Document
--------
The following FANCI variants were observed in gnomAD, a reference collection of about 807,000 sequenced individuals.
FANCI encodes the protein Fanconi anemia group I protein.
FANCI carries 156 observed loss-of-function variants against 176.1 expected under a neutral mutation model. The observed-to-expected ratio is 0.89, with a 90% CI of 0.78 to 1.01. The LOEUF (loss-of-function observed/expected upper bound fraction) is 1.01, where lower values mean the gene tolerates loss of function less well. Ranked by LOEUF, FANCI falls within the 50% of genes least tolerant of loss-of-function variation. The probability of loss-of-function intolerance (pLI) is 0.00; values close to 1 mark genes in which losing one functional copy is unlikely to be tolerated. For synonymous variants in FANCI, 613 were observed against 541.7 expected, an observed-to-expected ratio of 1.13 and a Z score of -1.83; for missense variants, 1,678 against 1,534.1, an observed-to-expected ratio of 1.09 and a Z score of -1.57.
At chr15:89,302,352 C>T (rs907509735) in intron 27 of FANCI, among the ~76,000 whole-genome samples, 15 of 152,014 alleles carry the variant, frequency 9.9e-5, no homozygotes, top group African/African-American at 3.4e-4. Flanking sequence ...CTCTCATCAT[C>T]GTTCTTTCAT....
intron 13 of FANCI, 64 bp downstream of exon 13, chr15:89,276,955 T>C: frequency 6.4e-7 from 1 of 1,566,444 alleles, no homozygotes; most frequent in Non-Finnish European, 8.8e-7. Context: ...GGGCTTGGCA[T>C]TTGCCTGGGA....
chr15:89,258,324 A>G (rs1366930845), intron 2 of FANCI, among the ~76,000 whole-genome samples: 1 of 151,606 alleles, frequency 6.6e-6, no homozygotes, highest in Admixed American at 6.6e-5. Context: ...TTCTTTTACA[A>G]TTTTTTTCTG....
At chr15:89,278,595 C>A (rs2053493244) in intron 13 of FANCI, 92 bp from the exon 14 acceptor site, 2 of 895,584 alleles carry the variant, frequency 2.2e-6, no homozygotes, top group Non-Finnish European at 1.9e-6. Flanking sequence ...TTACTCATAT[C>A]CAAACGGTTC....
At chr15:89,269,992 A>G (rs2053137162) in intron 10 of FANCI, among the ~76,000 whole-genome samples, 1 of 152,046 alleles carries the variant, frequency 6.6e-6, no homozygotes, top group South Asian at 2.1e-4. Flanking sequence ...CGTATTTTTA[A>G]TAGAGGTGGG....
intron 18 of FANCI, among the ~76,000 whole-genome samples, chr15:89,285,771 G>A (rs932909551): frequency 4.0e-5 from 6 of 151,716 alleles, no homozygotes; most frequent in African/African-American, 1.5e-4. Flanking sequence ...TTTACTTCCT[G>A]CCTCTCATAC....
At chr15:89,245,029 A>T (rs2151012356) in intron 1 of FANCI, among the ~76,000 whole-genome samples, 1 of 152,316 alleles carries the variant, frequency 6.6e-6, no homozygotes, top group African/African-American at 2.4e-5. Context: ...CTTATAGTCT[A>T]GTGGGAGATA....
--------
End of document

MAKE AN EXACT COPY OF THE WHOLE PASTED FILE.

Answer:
The following FANCI variants were observed in gnomAD, a reference collection of about 807,000 sequenced individuals.
FANCI encodes the protein Fanconi anemia group I protein.
FANCI carries 156 observed loss-of-function variants against 176.1 expected under a neutral mutation model. The observed-to-expected ratio is 0.89, with a 90% CI of 0.78 to 1.01. The LOEUF (loss-of-function observed/expected upper bound fraction) is 1.01, where lower values mean the gene tolerates loss of function less well. Ranked by LOEUF, FANCI falls within the 50% of genes least tolerant of loss-of-function variation. The probability of loss-of-function intolerance (pLI) is 0.00; values close to 1 mark genes in which losing one functional copy is unlikely to be tolerated. For synonymous variants in FANCI, 613 were observed against 541.7 expected, an observed-to-expected ratio of 1.13 and a Z score of -1.83; for missense variants, 1,678 against 1,534.1, an observed-to-expected ratio of 1.09 and a Z score of -1.57.
At chr15:89,302,352 C>T (rs907509735) in intron 27 of FANCI, among the ~76,000 whole-genome samples, 15 of 152,014 alleles carry the variant, frequency 9.9e-5, no homozygotes, top group African/African-American at 3.4e-4. Flanking sequence ...CTCTCATCAT[C>T]GTTCTTTCAT....
intron 13 of FANCI, 64 bp downstream of exon 13, chr15:89,276,955 T>C: frequency 6.4e-7 from 1 of 1,566,444 alleles, no homozygotes; most frequent in Non-Finnish European, 8.8e-7. Context: ...GGGCTTGGCA[T>C]TTGCCTGGGA....
chr15:89,258,324 A>G (rs1366930845), intron 2 of FANCI, among the ~76,000 whole-genome samples: 1 of 151,606 alleles, frequency 6.6e-6, no homozygotes, highest in Admixed American at 6.6e-5. Context: ...TTCTTTTACA[A>G]TTTTTTTCTG....
At chr15:89,278,595 C>A (rs2053493244) in intron 13 of FANCI, 92 bp from the exon 14 acceptor site, 2 of 895,584 alleles carry the variant, frequency 2.2e-6, no homozygotes, top group Non-Finnish European at 1.9e-6. Flanking sequence ...TTACTCATAT[C>A]CAAACGGTTC....
At chr15:89,269,992 A>G (rs2053137162) in intron 10 of FANCI, among the ~76,000 whole-genome samples, 1 of 152,046 alleles carries the variant, frequency 6.6e-6, no homozygotes, top group South Asian at 2.1e-4. Flanking sequence ...CGTATTTTTA[A>G]TAGAGGTGGG....
intron 18 of FANCI, among the ~76,000 whole-genome samples, chr15:89,285,771 G>A (rs932909551): frequency 4.0e-5 from 6 of 151,716 alleles, no homozygotes; most frequent in African/African-American, 1.5e-4. Flanking sequence ...TTTACTTCCT[G>A]CCTCTCATAC....
At chr15:89,245,029 A>T (rs2151012356) in intron 1 of FANCI, among the ~76,000 whole-genome samples, 1 of 152,316 alleles carries the variant, frequency 6.6e-6, no homozygotes, top group African/African-American at 2.4e-5. Context: ...CTTATAGTCT[A>T]GTGGGAGATA....